Got a desk job? Like to watch TV? Do you just enjoy sitting on your butt all day? We’ve got some good news: A group of scientists have challenged the idea that a sedentary lifestyle shaves years off a person’s life. 

For the last few years, scientists, doctors, and public health efforts have warned about the dangers of sitting down for hours at a time. More recent studies argued that even regular exercise couldn’t undo the damage caused by prolonged sitting.

According to a paper published last week in the International Journal of Epidemiology, this is just plain wrong. Between 1997 and 1999, researchers from the University of Exeter and University College London interviewed 3720 men and 1412 women about their sitting habits. They asked about total sitting time, as well as the context. Study participants reported if they were sitting at work, in front of the TV, or enjoying non-TV leisure time. They answered questions about how far they walked each day as well as how often and how vigorously they exercised.

Last year, the researchers followed up to see how their study participants were doing. The results showed no relationship between sitting and an increased risk of dying, even for people who didn’t exercise.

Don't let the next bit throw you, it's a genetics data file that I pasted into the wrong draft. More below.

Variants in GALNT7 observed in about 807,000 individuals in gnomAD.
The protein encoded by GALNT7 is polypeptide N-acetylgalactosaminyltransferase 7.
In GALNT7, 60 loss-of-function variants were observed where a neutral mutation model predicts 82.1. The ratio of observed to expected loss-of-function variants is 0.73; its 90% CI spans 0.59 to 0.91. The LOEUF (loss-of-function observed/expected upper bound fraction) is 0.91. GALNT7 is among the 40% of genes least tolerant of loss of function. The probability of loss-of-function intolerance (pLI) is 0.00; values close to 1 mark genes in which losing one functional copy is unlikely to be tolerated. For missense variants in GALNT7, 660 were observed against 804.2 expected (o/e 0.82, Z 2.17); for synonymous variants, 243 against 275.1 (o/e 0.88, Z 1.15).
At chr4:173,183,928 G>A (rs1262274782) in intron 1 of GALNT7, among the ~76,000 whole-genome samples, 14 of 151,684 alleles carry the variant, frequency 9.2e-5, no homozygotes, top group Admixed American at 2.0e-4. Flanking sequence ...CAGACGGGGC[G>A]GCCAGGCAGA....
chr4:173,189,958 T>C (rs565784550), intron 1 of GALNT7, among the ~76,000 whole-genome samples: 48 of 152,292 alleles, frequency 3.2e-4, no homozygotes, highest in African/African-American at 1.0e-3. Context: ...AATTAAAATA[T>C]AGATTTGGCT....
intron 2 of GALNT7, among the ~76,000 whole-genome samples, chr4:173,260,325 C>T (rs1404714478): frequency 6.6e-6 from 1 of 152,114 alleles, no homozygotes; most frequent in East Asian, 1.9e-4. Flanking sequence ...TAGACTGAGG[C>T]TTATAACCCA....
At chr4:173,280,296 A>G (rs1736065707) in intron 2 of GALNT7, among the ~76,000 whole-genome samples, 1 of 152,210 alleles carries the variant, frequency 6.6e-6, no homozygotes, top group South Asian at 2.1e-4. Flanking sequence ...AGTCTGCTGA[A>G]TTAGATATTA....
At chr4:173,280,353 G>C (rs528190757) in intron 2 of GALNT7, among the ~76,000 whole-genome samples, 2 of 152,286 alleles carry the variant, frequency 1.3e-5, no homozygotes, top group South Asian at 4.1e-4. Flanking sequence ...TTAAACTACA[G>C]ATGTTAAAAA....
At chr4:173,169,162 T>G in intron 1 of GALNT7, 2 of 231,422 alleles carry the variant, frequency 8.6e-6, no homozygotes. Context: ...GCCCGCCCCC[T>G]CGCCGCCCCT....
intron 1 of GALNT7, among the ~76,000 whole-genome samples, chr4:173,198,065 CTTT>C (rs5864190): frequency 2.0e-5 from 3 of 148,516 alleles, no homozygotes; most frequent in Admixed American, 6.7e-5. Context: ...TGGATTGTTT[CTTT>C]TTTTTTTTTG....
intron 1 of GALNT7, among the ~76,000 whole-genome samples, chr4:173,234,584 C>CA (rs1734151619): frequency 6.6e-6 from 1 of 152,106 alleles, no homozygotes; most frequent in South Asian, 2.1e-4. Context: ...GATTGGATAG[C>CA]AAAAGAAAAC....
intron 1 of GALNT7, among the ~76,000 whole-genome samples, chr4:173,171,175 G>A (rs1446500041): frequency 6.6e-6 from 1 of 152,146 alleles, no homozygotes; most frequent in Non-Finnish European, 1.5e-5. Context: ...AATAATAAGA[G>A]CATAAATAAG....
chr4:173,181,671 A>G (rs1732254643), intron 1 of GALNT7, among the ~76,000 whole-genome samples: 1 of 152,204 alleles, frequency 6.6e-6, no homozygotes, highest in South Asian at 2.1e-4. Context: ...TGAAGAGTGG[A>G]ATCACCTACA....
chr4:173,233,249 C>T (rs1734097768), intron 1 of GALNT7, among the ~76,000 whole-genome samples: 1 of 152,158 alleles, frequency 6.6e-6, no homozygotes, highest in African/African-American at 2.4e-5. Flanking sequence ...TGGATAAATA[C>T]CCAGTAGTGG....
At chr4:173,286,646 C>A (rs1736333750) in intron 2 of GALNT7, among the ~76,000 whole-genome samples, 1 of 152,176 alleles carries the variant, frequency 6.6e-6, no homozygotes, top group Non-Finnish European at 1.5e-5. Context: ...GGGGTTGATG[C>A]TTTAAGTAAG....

These findings contradict not only previous studies but also public health campaigns. Recommendations from Britain’s National Health Service have focused on the dangers of a sedentary lifestyle, rather than encouraging people to exercise.

Lead author Richard Pulsford thinks it might be time for those recommendations to change. “Reducing sitting time might not be quite as important for mortality risk as previously publicized,” he said in a recent press release, “and encouraging people to be more active should still be a public health priority.”

The problem is not sitting, agreed coauthor Melvyn Hillsdon, but the absence of movement. “Any stationary posture where energy expenditure is low may be detrimental to health, be it sitting or standing.” 

Yes, that includes standing up to work. Hillsdon said the study results even “cast doubt on the benefits of sit-stand workstations.”